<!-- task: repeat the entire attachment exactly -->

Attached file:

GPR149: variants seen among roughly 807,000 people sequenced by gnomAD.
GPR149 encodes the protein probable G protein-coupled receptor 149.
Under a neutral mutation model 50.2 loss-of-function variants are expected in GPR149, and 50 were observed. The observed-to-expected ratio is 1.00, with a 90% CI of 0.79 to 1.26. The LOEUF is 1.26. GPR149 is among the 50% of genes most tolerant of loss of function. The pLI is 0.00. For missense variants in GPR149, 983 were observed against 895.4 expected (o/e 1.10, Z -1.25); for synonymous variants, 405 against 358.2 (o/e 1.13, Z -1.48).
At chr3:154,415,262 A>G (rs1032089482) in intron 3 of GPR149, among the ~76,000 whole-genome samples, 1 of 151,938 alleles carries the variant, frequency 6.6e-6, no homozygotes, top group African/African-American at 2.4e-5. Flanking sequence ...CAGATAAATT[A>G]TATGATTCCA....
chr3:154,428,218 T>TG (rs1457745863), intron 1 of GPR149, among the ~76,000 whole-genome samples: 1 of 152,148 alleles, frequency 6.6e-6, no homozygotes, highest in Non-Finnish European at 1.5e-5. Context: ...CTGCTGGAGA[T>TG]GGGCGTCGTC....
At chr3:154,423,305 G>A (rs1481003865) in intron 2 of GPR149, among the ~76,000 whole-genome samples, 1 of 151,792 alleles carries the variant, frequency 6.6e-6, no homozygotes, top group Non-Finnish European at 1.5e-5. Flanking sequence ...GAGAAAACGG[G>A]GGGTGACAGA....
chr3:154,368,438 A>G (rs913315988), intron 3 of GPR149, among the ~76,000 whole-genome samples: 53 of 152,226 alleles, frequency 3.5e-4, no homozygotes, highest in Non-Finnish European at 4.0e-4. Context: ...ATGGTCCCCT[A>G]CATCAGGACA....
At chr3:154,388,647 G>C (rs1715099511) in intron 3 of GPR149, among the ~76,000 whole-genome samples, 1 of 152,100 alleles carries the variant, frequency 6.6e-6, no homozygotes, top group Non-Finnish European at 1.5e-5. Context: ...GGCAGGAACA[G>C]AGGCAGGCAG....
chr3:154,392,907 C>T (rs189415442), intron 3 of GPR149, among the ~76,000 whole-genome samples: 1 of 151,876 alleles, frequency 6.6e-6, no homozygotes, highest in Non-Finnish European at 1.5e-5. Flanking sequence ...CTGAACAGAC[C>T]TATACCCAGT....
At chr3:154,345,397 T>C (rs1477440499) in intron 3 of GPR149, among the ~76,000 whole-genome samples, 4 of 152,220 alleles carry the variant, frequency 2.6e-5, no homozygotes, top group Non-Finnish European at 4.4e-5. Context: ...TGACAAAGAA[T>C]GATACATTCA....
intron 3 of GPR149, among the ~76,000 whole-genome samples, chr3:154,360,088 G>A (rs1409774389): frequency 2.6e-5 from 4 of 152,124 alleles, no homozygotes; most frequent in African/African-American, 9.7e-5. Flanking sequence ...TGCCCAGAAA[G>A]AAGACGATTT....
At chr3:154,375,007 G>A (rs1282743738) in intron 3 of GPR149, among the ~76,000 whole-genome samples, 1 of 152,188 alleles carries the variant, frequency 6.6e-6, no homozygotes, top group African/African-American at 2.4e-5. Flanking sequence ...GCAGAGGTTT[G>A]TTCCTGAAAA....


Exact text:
GPR149: variants seen among roughly 807,000 people sequenced by gnomAD.
GPR149 encodes the protein probable G protein-coupled receptor 149.
Under a neutral mutation model 50.2 loss-of-function variants are expected in GPR149, and 50 were observed. The observed-to-expected ratio is 1.00, with a 90% CI of 0.79 to 1.26. The LOEUF is 1.26. GPR149 is among the 50% of genes most tolerant of loss of function. The pLI is 0.00. For missense variants in GPR149, 983 were observed against 895.4 expected (o/e 1.10, Z -1.25); for synonymous variants, 405 against 358.2 (o/e 1.13, Z -1.48).
At chr3:154,415,262 A>G (rs1032089482) in intron 3 of GPR149, among the ~76,000 whole-genome samples, 1 of 151,938 alleles carries the variant, frequency 6.6e-6, no homozygotes, top group African/African-American at 2.4e-5. Flanking sequence ...CAGATAAATT[A>G]TATGATTCCA....
chr3:154,428,218 T>TG (rs1457745863), intron 1 of GPR149, among the ~76,000 whole-genome samples: 1 of 152,148 alleles, frequency 6.6e-6, no homozygotes, highest in Non-Finnish European at 1.5e-5. Context: ...CTGCTGGAGA[T>TG]GGGCGTCGTC....
At chr3:154,423,305 G>A (rs1481003865) in intron 2 of GPR149, among the ~76,000 whole-genome samples, 1 of 151,792 alleles carries the variant, frequency 6.6e-6, no homozygotes, top group Non-Finnish European at 1.5e-5. Flanking sequence ...GAGAAAACGG[G>A]GGGTGACAGA....
chr3:154,368,438 A>G (rs913315988), intron 3 of GPR149, among the ~76,000 whole-genome samples: 53 of 152,226 alleles, frequency 3.5e-4, no homozygotes, highest in Non-Finnish European at 4.0e-4. Context: ...ATGGTCCCCT[A>G]CATCAGGACA....
At chr3:154,388,647 G>C (rs1715099511) in intron 3 of GPR149, among the ~76,000 whole-genome samples, 1 of 152,100 alleles carries the variant, frequency 6.6e-6, no homozygotes, top group Non-Finnish European at 1.5e-5. Context: ...GGCAGGAACA[G>C]AGGCAGGCAG....
chr3:154,392,907 C>T (rs189415442), intron 3 of GPR149, among the ~76,000 whole-genome samples: 1 of 151,876 alleles, frequency 6.6e-6, no homozygotes, highest in Non-Finnish European at 1.5e-5. Flanking sequence ...CTGAACAGAC[C>T]TATACCCAGT....
At chr3:154,345,397 T>C (rs1477440499) in intron 3 of GPR149, among the ~76,000 whole-genome samples, 4 of 152,220 alleles carry the variant, frequency 2.6e-5, no homozygotes, top group Non-Finnish European at 4.4e-5. Context: ...TGACAAAGAA[T>C]GATACATTCA....
intron 3 of GPR149, among the ~76,000 whole-genome samples, chr3:154,360,088 G>A (rs1409774389): frequency 2.6e-5 from 4 of 152,124 alleles, no homozygotes; most frequent in African/African-American, 9.7e-5. Flanking sequence ...TGCCCAGAAA[G>A]AAGACGATTT....
At chr3:154,375,007 G>A (rs1282743738) in intron 3 of GPR149, among the ~76,000 whole-genome samples, 1 of 152,188 alleles carries the variant, frequency 6.6e-6, no homozygotes, top group African/African-American at 2.4e-5. Flanking sequence ...GCAGAGGTTT[G>A]TTCCTGAAAA....